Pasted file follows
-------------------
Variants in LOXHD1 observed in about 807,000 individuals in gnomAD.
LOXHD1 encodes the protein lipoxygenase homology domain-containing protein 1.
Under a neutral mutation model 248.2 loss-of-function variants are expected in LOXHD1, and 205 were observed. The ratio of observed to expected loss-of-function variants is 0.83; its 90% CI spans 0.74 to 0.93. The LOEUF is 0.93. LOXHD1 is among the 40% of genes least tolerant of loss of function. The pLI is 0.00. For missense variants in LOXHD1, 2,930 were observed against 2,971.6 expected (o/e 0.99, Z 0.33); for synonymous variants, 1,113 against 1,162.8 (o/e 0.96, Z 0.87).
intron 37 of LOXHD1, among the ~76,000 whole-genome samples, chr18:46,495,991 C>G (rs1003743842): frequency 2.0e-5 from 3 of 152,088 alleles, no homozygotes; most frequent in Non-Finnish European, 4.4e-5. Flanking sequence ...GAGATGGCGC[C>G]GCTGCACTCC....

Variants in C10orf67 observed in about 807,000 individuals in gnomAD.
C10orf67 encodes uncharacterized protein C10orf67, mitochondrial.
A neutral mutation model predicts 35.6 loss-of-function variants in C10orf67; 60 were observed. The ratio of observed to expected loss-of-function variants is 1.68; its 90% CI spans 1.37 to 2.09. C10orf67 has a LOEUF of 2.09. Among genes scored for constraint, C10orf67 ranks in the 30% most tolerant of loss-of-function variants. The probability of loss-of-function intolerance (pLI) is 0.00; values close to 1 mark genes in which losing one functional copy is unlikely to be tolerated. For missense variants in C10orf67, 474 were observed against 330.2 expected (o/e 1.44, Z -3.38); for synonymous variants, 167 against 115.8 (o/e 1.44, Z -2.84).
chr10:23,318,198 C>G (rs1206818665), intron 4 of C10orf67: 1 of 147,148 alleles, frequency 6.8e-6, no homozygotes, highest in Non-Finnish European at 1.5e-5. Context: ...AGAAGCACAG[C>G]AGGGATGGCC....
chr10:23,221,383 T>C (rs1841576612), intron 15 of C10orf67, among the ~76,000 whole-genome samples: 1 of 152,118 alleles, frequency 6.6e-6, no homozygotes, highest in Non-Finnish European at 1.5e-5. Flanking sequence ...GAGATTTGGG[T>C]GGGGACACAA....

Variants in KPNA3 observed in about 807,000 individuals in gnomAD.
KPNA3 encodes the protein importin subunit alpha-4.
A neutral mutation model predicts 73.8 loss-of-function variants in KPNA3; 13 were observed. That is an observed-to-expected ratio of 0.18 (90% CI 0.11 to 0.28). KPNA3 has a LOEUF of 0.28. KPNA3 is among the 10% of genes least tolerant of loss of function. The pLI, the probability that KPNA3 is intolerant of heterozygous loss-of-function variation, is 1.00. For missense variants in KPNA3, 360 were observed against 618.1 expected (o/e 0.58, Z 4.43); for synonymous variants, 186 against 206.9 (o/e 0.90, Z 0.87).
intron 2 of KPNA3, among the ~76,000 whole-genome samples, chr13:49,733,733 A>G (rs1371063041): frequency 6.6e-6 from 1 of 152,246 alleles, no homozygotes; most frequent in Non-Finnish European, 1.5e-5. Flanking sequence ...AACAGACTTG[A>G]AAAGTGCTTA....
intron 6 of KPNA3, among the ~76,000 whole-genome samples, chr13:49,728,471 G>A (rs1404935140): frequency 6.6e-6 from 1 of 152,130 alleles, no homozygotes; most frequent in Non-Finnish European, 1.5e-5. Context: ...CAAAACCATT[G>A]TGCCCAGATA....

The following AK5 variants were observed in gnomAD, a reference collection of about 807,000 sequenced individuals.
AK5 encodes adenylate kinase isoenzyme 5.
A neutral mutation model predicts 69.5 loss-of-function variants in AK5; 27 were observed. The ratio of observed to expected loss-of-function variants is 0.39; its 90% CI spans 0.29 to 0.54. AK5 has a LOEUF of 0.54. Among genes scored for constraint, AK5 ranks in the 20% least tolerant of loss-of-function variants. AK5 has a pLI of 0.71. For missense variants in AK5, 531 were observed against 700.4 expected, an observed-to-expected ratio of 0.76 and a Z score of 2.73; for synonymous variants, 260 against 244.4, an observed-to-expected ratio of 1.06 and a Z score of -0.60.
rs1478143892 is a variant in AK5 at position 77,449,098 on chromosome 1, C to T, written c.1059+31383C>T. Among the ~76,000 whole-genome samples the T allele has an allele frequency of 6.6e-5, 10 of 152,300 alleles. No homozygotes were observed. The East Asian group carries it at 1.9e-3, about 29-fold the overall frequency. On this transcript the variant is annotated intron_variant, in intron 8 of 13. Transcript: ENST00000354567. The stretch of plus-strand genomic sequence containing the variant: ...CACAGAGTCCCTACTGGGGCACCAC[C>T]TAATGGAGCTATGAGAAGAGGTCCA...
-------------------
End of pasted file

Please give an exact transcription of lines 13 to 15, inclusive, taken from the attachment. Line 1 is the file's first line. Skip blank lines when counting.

intron 2 of KPNA3, among the ~76,000 whole-genome samples, chr13:49,733,733 A>G (rs1371063041): frequency 6.6e-6 from 1 of 152,246 alleles, no homozygotes; most frequent in Non-Finnish European, 1.5e-5. Flanking sequence ...AACAGACTTG[A>G]AAAGTGCTTA....
intron 6 of KPNA3, among the ~76,000 whole-genome samples, chr13:49,728,471 G>A (rs1404935140): frequency 6.6e-6 from 1 of 152,130 alleles, no homozygotes; most frequent in Non-Finnish European, 1.5e-5. Context: ...CAAAACCATT[G>A]TGCCCAGATA....

The following AK5 variants were observed in gnomAD, a reference collection of about 807,000 sequenced individuals.